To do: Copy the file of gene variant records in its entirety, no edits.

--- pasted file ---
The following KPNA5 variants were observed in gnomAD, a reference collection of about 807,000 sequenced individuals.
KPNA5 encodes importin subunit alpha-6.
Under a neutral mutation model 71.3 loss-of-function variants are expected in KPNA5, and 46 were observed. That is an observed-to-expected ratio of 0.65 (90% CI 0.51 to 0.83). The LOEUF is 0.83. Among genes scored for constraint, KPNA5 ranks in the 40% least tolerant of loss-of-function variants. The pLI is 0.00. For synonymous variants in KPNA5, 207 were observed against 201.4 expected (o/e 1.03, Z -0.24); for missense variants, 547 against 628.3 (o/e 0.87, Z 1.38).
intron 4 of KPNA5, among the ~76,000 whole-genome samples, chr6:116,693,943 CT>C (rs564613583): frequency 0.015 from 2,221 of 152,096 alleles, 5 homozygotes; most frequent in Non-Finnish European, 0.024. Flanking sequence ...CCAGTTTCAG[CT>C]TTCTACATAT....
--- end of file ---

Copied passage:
The following KPNA5 variants were observed in gnomAD, a reference collection of about 807,000 sequenced individuals.
KPNA5 encodes importin subunit alpha-6.
Under a neutral mutation model 71.3 loss-of-function variants are expected in KPNA5, and 46 were observed. That is an observed-to-expected ratio of 0.65 (90% CI 0.51 to 0.83). The LOEUF is 0.83. Among genes scored for constraint, KPNA5 ranks in the 40% least tolerant of loss-of-function variants. The pLI is 0.00. For synonymous variants in KPNA5, 207 were observed against 201.4 expected (o/e 1.03, Z -0.24); for missense variants, 547 against 628.3 (o/e 0.87, Z 1.38).
intron 4 of KPNA5, among the ~76,000 whole-genome samples, chr6:116,693,943 CT>C (rs564613583): frequency 0.015 from 2,221 of 152,096 alleles, 5 homozygotes; most frequent in Non-Finnish European, 0.024. Flanking sequence ...CCAGTTTCAG[CT>C]TTCTACATAT....